How literature, music and cinema have denounced natural disasters and abuses on the population in the name of economic interests and progress?
The socially most critical crime novels can sometimes be a good help to understand the background of economic and environmental conflicts in countries from which we do not have much information. A good example is The Wolf Strait, by Olivier Truc (ed. Destino; Truc is also the author of a very rewarding book that I have not read, Le dernier lapon, published in English as Forty days without a shadow). The plot takes place in Norwegian Lapland, around Hammerfest, near the North Cape, a city that has been the basis for Norwegian projects for the exploitation of fossil fuel resources in the Barents Sea and in the Arctic for years.
In 2011, Norway and Russia signed a treatise to distribute those waters but the discovery of oil and gas resources was made in the 1980s by divers working in very dangerous conditions, that later were replaced by small submarine robots. Drilling has only recently begun due to technical difficulties and the low price of oil, with little results so far and some frustration, but the expectations are still very large and industrial facilities are being made, spurred by climate change and the ice decrease. In 2015, the Norwegian government gave the first oil licenses concessions in the area, a decision that contradicts the agreements signed by the Scandinavian country at Paris and that has been brought to court by Greenpeace. The first well was drilled more than 400 km far from the coast. The trial began last November in Oslo. This year, it is expected that many wells will be drilled at Barents Sea. In addition, there are pressures to extract oil from the Lofoten Islands, that are important natural reserves.
The demands of space for industries and the growth of the urban population in Hammerfest affect the Sami (Lapps), a part of whom are still dedicated to the transhumant reindeer herding, since industry want to alter the traditional routes and pastures of this activity. Needless to say, the Sami and their culture and beliefs are weak compared to the oil companies and the Norwegian political and economic powers see them as a burden for the economic and social progress. This comes from far: the Norwegian state, in the early twentieth century, forced the Sami to send their children to schools where only Norwegian was spoken and did everything possible to end with the Sami identity (there are still several Sami languages, the most spoken is for about 30,000 people). A song that we know well the tune here. The Sami are divided into four states (Norway, Sweden, Finland and Russia).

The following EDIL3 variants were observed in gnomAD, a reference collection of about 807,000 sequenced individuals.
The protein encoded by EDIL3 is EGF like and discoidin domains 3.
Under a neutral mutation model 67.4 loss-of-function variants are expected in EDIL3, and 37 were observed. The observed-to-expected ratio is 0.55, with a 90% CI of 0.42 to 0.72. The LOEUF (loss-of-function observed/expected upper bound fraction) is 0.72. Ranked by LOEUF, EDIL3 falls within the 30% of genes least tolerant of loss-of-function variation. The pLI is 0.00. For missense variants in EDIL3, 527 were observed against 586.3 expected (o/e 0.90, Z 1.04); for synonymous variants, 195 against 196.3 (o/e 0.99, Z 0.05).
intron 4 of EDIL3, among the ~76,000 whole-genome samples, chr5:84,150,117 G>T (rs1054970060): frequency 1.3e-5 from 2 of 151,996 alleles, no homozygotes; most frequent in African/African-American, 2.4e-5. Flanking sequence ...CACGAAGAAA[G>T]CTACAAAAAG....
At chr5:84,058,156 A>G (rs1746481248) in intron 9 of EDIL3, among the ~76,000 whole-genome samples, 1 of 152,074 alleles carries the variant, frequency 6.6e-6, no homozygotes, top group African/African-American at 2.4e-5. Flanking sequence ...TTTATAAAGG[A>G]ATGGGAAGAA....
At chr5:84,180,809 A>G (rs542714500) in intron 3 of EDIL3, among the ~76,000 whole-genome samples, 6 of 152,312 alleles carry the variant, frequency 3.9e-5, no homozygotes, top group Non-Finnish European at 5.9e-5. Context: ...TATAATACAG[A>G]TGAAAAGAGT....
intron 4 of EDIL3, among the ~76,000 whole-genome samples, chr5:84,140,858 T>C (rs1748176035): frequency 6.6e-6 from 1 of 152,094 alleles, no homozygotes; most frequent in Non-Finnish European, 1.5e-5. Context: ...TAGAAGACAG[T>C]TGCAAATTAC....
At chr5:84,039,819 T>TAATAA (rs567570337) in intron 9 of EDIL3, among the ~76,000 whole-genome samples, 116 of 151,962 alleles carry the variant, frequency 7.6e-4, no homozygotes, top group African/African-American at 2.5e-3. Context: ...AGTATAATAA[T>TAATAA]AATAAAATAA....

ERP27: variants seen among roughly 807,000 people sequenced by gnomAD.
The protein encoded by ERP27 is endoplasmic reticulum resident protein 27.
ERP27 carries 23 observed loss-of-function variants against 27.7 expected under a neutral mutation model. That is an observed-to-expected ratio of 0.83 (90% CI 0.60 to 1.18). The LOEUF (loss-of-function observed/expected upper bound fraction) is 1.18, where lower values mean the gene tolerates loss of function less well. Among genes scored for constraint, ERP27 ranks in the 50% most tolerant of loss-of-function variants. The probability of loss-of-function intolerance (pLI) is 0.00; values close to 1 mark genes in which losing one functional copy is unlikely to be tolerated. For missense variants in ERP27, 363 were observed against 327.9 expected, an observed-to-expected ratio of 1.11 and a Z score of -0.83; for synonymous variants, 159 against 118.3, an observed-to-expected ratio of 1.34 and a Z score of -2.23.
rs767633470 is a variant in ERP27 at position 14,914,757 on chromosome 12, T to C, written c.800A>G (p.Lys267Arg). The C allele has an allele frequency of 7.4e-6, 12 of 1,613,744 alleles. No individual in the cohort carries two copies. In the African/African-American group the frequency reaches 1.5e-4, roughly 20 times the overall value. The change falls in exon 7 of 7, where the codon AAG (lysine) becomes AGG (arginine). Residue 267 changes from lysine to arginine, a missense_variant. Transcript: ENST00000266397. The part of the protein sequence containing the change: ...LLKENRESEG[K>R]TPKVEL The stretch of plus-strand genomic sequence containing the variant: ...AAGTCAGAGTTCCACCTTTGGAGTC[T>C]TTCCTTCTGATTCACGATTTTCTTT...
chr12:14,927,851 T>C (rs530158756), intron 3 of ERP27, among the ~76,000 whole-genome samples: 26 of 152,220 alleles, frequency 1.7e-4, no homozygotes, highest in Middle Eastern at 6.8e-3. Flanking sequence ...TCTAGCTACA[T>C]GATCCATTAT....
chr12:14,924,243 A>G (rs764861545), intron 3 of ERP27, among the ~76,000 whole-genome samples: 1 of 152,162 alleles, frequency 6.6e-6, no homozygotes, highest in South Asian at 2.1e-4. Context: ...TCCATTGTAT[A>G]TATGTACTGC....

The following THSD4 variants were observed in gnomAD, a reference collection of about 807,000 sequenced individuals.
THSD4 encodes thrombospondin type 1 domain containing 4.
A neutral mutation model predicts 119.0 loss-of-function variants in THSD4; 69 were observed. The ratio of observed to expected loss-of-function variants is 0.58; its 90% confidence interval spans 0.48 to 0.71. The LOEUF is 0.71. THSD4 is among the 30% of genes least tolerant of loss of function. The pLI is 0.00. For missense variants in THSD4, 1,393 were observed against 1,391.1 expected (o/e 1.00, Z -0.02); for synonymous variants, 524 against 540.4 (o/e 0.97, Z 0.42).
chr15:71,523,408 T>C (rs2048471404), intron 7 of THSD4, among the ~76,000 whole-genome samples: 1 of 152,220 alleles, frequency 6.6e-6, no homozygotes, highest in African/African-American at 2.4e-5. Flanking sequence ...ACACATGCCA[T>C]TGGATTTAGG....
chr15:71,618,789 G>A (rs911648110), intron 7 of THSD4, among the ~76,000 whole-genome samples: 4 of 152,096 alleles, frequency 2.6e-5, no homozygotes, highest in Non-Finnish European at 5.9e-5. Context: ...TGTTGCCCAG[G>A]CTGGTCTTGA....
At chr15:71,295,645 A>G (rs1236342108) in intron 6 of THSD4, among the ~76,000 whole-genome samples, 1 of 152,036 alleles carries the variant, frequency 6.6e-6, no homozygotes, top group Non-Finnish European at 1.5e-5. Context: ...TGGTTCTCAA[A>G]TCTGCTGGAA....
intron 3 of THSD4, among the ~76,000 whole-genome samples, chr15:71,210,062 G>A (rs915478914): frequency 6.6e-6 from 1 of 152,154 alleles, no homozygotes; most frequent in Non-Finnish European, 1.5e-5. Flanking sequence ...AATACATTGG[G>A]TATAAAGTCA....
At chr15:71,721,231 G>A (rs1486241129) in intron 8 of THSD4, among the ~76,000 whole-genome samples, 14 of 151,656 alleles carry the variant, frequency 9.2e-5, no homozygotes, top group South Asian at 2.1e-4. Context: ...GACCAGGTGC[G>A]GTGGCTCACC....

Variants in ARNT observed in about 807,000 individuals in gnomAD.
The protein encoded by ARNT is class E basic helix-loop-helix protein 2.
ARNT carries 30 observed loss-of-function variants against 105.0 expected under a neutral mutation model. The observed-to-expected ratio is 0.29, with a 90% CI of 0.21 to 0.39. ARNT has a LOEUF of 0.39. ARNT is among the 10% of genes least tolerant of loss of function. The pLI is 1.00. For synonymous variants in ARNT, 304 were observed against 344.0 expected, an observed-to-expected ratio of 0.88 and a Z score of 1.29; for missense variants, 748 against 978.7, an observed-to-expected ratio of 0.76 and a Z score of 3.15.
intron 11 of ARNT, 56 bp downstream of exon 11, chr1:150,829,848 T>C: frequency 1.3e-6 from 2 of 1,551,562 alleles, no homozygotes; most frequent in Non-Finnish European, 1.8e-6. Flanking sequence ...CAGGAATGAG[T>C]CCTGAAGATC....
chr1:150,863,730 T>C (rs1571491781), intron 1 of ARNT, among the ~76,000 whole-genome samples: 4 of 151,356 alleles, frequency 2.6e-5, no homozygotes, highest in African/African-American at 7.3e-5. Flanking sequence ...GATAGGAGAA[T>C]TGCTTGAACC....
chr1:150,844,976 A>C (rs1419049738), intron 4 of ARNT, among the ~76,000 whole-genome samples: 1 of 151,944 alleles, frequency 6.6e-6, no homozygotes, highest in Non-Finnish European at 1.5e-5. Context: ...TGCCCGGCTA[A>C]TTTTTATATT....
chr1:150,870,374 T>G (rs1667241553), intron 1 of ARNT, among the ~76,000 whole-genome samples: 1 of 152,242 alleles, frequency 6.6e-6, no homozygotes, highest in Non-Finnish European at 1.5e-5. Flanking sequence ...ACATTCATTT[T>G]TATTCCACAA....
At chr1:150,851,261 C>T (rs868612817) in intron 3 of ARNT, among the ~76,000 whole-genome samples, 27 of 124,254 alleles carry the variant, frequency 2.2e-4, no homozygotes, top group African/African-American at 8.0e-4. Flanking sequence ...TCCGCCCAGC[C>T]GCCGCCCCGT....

The Truc’s crime story is not relevant here, but the scenario is fascinating. However, this is just one of the many examples in which a way of living is doomed to extinction as a result of the intrusion of foreign interests. In the Arctic itself, the precedents are painful. Canada wanted to occupy the Cornwallis and Ellesmere islands before the Russians did it during the Cold War and deported, with false promises, populations of Inuits from Quebec who had to adapt to very extreme conditions and learn how to hunt beluga to survive, after to have been practically abandoned. Both the Norwegian and Canadian governments have recognized wrongdoings against Sami and Inuits, but they have made not much to support them.